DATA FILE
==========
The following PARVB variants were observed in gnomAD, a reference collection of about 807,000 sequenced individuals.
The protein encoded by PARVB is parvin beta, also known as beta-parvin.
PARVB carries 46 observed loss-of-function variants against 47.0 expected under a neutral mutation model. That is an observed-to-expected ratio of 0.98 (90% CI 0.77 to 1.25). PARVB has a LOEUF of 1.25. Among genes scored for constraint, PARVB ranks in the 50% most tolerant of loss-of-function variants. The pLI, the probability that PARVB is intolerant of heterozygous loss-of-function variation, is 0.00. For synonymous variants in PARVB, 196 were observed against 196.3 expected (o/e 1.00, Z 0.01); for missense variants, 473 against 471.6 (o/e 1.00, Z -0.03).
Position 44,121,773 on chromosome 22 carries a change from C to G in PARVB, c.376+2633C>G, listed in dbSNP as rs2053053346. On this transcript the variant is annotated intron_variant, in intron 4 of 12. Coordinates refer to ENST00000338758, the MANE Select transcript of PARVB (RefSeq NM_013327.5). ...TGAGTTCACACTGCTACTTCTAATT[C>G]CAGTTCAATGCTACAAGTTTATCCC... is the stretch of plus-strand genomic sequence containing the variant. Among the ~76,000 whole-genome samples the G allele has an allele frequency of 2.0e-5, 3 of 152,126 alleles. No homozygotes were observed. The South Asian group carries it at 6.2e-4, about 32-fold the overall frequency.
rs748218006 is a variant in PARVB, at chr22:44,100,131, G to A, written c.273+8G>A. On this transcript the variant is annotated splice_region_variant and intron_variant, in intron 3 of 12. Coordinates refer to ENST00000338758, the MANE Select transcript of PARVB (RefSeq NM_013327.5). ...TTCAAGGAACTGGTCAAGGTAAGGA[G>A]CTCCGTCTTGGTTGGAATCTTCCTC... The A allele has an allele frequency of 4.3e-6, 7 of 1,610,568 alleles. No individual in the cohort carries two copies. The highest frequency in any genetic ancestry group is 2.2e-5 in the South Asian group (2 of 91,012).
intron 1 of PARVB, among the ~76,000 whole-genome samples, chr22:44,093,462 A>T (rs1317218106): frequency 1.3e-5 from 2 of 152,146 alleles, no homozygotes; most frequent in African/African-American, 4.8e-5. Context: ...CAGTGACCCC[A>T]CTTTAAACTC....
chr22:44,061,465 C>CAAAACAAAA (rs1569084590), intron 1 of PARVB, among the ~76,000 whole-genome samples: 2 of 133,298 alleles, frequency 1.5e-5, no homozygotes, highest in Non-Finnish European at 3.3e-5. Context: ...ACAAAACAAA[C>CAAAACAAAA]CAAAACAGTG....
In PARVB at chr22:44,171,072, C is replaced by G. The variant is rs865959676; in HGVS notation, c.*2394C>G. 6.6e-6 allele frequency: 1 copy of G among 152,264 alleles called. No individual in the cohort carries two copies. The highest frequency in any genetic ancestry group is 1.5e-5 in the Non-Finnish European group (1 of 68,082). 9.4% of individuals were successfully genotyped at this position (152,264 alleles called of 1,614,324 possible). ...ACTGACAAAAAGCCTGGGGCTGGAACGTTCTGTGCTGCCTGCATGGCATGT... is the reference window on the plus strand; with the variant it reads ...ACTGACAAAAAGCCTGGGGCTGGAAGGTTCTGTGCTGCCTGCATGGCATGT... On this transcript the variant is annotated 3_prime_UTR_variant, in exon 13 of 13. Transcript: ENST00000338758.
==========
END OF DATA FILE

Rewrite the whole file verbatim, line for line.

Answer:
The following PARVB variants were observed in gnomAD, a reference collection of about 807,000 sequenced individuals.
The protein encoded by PARVB is parvin beta, also known as beta-parvin.
PARVB carries 46 observed loss-of-function variants against 47.0 expected under a neutral mutation model. That is an observed-to-expected ratio of 0.98 (90% CI 0.77 to 1.25). PARVB has a LOEUF of 1.25. Among genes scored for constraint, PARVB ranks in the 50% most tolerant of loss-of-function variants. The pLI, the probability that PARVB is intolerant of heterozygous loss-of-function variation, is 0.00. For synonymous variants in PARVB, 196 were observed against 196.3 expected (o/e 1.00, Z 0.01); for missense variants, 473 against 471.6 (o/e 1.00, Z -0.03).
Position 44,121,773 on chromosome 22 carries a change from C to G in PARVB, c.376+2633C>G, listed in dbSNP as rs2053053346. On this transcript the variant is annotated intron_variant, in intron 4 of 12. Coordinates refer to ENST00000338758, the MANE Select transcript of PARVB (RefSeq NM_013327.5). ...TGAGTTCACACTGCTACTTCTAATT[C>G]CAGTTCAATGCTACAAGTTTATCCC... is the stretch of plus-strand genomic sequence containing the variant. Among the ~76,000 whole-genome samples the G allele has an allele frequency of 2.0e-5, 3 of 152,126 alleles. No homozygotes were observed. The South Asian group carries it at 6.2e-4, about 32-fold the overall frequency.
rs748218006 is a variant in PARVB, at chr22:44,100,131, G to A, written c.273+8G>A. On this transcript the variant is annotated splice_region_variant and intron_variant, in intron 3 of 12. Coordinates refer to ENST00000338758, the MANE Select transcript of PARVB (RefSeq NM_013327.5). ...TTCAAGGAACTGGTCAAGGTAAGGA[G>A]CTCCGTCTTGGTTGGAATCTTCCTC... The A allele has an allele frequency of 4.3e-6, 7 of 1,610,568 alleles. No individual in the cohort carries two copies. The highest frequency in any genetic ancestry group is 2.2e-5 in the South Asian group (2 of 91,012).
intron 1 of PARVB, among the ~76,000 whole-genome samples, chr22:44,093,462 A>T (rs1317218106): frequency 1.3e-5 from 2 of 152,146 alleles, no homozygotes; most frequent in African/African-American, 4.8e-5. Context: ...CAGTGACCCC[A>T]CTTTAAACTC....
chr22:44,061,465 C>CAAAACAAAA (rs1569084590), intron 1 of PARVB, among the ~76,000 whole-genome samples: 2 of 133,298 alleles, frequency 1.5e-5, no homozygotes, highest in Non-Finnish European at 3.3e-5. Context: ...ACAAAACAAA[C>CAAAACAAAA]CAAAACAGTG....
In PARVB at chr22:44,171,072, C is replaced by G. The variant is rs865959676; in HGVS notation, c.*2394C>G. 6.6e-6 allele frequency: 1 copy of G among 152,264 alleles called. No individual in the cohort carries two copies. The highest frequency in any genetic ancestry group is 1.5e-5 in the Non-Finnish European group (1 of 68,082). 9.4% of individuals were successfully genotyped at this position (152,264 alleles called of 1,614,324 possible). ...ACTGACAAAAAGCCTGGGGCTGGAACGTTCTGTGCTGCCTGCATGGCATGT... is the reference window on the plus strand; with the variant it reads ...ACTGACAAAAAGCCTGGGGCTGGAAGGTTCTGTGCTGCCTGCATGGCATGT... On this transcript the variant is annotated 3_prime_UTR_variant, in exon 13 of 13. Transcript: ENST00000338758.